”We trust that in light of the Third Circuit’s judgment you will advise your respective boards to count any and all absentee or mail-in ballots that were timely received but were set aside/not counted simply because those ballots lacked a voter-provided date on the outside of the envelope,” wrote Hicks, McCormick’s attorney. “To the extent you are not willing to provide this advice, we ask for a formal hearing before your boards on this issue.”
The Oz campaign fired back Saturday night, with a lawyer sending a similar email to the counties — but in the opposite direction.
“The order … does not authorize election officials to ignore Pennsylvania law or to count mail-in or absentee ballots lacking a voter completed date in the May 2022 primary election,” wrote lawyer Britain R. Henry. “In the first place, that judgment is not final and is subject to further review.”
In its lawsuit Monday, McCormick’s campaign said that the majority of Pennsylvania’s counties had indicated they won’t count the undated ballots. It asked the Commonwealth Court to define a uniform standard.
Meanwhile, lawyers at Kleinbard LLC, which represent Ritter, asked the Third Circuit to stay the implementation of its order in the Lehigh County case, saying the Supreme Court should be allowed to weigh in before the undated ballots are counted in that 2021 race.
Joshua Voss added that should the Third Circuit deny Ritter a stay, they would seek one from the Supreme Court directly. A successful appeal in Ritter’s case would benefit the firm’s other client, Oz, and his position on undated ballots to be thrown out in his race.
“Absent a stay, Ritter’s opponent could wrongly assume office, and Pennsylvanians will be subject to the power of an official who was seated in error,” Voss wrote. “Ritter asks the Court not to preemptively cut off his right to further review.”
The Pennsylvania Department of State was poised to issue guidance to counties Monday on how the Third Circuit’s ruling in Ritter’s case should apply to this year’s vote count and the Oz-McCormick race.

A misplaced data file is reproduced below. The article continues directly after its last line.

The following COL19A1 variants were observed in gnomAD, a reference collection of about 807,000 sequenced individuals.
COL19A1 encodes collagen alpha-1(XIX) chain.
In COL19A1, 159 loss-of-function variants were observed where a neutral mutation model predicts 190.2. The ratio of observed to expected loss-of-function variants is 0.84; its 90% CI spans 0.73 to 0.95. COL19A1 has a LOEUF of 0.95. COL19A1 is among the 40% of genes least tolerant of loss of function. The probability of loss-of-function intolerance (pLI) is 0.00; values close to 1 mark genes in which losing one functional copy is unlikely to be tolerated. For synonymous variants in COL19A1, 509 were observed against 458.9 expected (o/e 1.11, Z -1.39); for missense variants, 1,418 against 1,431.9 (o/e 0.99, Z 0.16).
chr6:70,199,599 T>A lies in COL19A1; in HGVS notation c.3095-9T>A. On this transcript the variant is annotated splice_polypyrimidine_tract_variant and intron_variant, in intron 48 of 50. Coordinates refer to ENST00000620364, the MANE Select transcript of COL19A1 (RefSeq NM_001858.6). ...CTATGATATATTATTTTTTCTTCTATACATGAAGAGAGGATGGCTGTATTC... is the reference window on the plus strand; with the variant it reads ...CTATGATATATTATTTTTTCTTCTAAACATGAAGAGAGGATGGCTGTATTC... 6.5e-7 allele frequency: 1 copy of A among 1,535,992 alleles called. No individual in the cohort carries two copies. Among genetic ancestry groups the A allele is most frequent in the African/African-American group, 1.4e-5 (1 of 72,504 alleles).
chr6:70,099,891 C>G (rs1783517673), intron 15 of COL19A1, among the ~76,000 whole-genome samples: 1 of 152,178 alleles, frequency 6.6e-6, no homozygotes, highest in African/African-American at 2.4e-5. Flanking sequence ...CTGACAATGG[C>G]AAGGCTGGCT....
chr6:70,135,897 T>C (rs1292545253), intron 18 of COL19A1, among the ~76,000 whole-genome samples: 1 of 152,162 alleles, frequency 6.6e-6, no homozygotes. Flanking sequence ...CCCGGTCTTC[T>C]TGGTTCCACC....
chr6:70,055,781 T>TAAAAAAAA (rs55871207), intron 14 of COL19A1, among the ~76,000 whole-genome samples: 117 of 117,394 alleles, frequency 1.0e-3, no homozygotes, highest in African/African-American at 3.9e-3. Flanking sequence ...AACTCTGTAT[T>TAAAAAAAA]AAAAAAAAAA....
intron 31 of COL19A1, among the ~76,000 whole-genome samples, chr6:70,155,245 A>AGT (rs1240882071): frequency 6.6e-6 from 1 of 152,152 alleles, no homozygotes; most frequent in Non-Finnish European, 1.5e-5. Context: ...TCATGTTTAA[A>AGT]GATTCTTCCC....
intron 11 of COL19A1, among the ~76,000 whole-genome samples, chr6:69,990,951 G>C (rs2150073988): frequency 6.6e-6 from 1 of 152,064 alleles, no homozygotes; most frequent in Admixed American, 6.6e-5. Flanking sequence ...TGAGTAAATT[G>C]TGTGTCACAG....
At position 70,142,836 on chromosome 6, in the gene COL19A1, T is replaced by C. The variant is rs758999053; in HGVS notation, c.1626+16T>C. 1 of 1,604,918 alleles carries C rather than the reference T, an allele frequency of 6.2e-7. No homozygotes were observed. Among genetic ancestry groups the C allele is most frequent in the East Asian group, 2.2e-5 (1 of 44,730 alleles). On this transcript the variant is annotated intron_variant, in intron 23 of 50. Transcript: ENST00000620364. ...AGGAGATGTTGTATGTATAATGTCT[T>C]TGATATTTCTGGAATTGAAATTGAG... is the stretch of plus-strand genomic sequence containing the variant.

But a stay in the Ritter case could further muddle the question — as it did in the 2020 presidential election, when Supreme Court intervention left about 10,000 challenged mail ballots in limbo for weeks after the vote was certified.
In that case, Samuel A. Alito Jr. — the Supreme Court justice who oversees matters for the court in Pennsylvania, New Jersey, and Delaware — ordered Pennsylvania counties not to include mail ballots that arrived during a three-day grace period after Election Day in their official tallies until the court could decide whether it would take up a challenge to their legitimacy.
The court ultimately declined to hear the case but made that decision well after state election officials were forced to certify the state’s results without them because of the stay. The votes at issue wouldn’t have changed the outcome of President Joe Biden’s victory in the state but also were never included in the certified vote.
In the current election, the margins between Oz and McCormick are so narrow that the fate of the undated ballots could play a role in determining the winner as they fight over every possible vote.
Read McCormick’s lawsuit before the Pennsylvania Commonwealth Court:
Read Ritter’s request to stay the Third Circuit decision on undated mail ballots in Lehigh County: